Grief Changes You — It’s Okay

I’m in the midst of a great class on bereavement ministry through the University of Dayton. As if I don’t read and write about grief enough, I’m doing even more of it lately. We are reading a book by Doris Zagdanski called “Stuck for Words: What to Say to Someone Who is Grieving.” It is a simple, straightforward book I recommend for those grieving or those who just want to better help those in grief.

Oliver, five weeks before his death on Easter Sunday (March 31, 2013)
Oliver on Easter Sunday, five weeks before his death (March 31, 2013)

Early in the book, Zagdanski writes “I believe that you are never the same after someone close to you has died.” She is right. I can look at me and the members of my immediate family and see how we have changed as a result of Oliver’s death. How people are affected depends a lot on where they were in life before the death of someone close to them. Plus, how that person dies also has an impact on them. Oliver was in treatment for cancer for nearly three years and I had plenty of time to process what was happening. When we finally ended treatments because they were not working we knew he had at most a couple of months left to live. We had time to prepare for his death. Neighbors of ours lost their little boy when he was hit on his bike on the way to school. They did not have time to process before, and they didn’t watch their child suffer for a long time either, so their loss was different from ours. (I’ve written before about “impolite questions” the grieving have, and wondering what is the best way for your child to die is one of them.)

I’m sure our neighbors are different since their son’s death as well and probably different than they would be if he battled cancer. Plus, he was their oldest son and they’ve had children since he died, so again, it is different from our experience. Every experience of grief is different so how people change after grief will be different as well. This is why “stages of grief” and other tidy ways of approaching grief, do not work. Fortunately, more recent research on grief acknowledges these differences.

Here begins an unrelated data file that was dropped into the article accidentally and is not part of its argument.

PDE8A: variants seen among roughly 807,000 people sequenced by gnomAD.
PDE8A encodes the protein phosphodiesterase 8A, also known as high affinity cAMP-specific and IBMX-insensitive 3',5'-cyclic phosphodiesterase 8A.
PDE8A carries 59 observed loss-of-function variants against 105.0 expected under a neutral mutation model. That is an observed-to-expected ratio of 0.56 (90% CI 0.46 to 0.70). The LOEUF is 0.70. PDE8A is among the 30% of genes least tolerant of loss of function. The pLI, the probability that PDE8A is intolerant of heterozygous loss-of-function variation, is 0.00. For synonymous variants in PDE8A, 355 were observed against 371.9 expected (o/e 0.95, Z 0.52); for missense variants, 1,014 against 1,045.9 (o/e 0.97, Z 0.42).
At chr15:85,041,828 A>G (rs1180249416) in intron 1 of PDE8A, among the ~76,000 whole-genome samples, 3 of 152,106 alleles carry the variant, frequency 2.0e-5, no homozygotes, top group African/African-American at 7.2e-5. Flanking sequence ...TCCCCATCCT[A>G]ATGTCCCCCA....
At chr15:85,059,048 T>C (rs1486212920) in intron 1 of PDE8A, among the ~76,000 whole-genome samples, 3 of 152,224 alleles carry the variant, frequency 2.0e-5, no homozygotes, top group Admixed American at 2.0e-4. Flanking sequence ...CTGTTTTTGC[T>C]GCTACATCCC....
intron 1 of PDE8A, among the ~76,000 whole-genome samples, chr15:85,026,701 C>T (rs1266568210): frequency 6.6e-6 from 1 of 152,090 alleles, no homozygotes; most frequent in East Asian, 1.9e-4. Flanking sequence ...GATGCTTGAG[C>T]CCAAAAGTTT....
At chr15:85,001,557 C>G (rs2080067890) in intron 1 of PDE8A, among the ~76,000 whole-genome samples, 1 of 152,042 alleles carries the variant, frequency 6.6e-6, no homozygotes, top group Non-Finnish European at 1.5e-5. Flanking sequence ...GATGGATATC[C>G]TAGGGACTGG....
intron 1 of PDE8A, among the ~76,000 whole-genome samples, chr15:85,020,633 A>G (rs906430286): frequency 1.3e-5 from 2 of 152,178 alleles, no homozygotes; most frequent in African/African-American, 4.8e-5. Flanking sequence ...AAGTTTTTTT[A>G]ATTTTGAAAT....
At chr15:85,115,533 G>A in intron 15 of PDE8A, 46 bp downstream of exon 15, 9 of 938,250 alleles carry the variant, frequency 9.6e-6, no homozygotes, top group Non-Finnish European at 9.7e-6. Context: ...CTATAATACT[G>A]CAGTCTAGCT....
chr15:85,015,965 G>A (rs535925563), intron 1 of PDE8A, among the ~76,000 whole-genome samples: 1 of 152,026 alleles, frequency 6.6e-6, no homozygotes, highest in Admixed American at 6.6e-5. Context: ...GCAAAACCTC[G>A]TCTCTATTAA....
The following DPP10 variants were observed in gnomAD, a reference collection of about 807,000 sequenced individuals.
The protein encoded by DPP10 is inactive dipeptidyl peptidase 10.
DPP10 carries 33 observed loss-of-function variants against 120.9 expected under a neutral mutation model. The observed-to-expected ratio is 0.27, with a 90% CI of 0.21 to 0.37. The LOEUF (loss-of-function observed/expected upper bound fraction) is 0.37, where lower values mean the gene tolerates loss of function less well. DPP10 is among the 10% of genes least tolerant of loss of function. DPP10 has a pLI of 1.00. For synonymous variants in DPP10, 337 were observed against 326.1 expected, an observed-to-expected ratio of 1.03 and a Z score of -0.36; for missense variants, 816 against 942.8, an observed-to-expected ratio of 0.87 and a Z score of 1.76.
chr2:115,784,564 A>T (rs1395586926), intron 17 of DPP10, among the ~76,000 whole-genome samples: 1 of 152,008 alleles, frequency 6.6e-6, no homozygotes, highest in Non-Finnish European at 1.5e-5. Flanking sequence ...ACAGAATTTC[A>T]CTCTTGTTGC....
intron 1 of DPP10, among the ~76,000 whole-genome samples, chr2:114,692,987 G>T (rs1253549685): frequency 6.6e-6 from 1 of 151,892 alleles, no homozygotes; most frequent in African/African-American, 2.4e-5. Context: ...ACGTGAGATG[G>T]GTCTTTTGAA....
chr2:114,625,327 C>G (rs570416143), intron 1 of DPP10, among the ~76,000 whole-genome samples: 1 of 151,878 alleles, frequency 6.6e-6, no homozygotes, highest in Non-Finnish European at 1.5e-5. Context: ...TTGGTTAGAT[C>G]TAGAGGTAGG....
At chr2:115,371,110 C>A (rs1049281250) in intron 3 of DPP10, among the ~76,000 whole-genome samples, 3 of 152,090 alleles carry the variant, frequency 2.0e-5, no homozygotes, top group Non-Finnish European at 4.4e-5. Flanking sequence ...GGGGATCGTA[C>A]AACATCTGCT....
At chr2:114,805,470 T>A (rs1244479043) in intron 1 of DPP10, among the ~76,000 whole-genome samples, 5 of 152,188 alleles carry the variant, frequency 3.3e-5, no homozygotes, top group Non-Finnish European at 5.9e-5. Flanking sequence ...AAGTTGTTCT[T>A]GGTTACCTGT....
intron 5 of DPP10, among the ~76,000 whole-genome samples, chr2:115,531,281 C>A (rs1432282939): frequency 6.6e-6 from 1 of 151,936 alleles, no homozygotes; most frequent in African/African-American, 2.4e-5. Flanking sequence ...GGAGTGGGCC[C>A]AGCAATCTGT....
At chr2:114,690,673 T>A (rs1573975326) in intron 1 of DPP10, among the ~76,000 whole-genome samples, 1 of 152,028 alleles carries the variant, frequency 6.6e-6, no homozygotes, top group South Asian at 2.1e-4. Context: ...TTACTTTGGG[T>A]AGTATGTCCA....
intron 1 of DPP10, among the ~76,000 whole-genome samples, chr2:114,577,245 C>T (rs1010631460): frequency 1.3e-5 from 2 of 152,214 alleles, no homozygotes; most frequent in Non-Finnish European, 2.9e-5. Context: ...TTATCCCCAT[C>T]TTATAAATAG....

I’m clearly a different person since Oliver died. I talk about him often as I learned a lot from him in his short life. His focus, even before he was sick, was to find the “happy” in life. Since he has died I too look for the “happy” and celebrate it. Grief looks different every day and the only constant is the presence of his absence. The poet Kathleen McGookey wrote in one of her poems, “Letter to My Mother”: “Each day I wake, unsurprised at your absence. It is the gray sweater, soft as a rabbit, I pull on against the chill.” This is an excellent description of grief and how we live with it. It becomes part of us, even comforting at times, as we can wrap ourselves in memories of the one we are missing.

Each day I wake, unsurprised at your absence. It is the gray sweater, soft as a rabbit, I pull on against the chill.

Kathleen McGookey
“Letter to My Mother”

Becoming a different person after grief does not mean we step backward. God is forever working in us and wanting us to grow closer to him, and how can we do that if we do not change? I’ll go so far as to not humbly say that I’m a better person since my son died.

None of this, of course, justifies the evil of a child dying. None of it is a “silver lining.” It just is. Me meeting God in the moment. Heart bared, hands up, and head down. Humbled in my lack of understanding while still trying to be open to God’s blessing.

We should not be ashamed that grief changes us. Indeed, we should delve into anything that knocks us out of our comfortable life. So delve into your grief, let it wrap itself around you, and live with it instead of against it. Grief is not something to get over but something to live with like that “gray sweater, soft as a rabbit.”

Those who know me know that a sense of humor has always been important to me. When you look like I do, a sense of humor is essential! So I joke and laugh, hassle my friends and family, and create more Dad-jokes than Dov can handle. But I can also be quiet on days where the missing of Oliver is palatable. My prayers involve more listening than talking and whenever death or grief appears in writing I’m immediately drawn to it. I’m different. That is okay. Being changed by grief is being changed by the one you love and miss. That is what relationships do.

2 thoughts on “Grief Changes You — It’s Okay

  1. Karen Michmerhuizen July 27, 2020 — 11:27 pm

    Well said, Derek. We move forward with grief, not “getting over” it.

    Like

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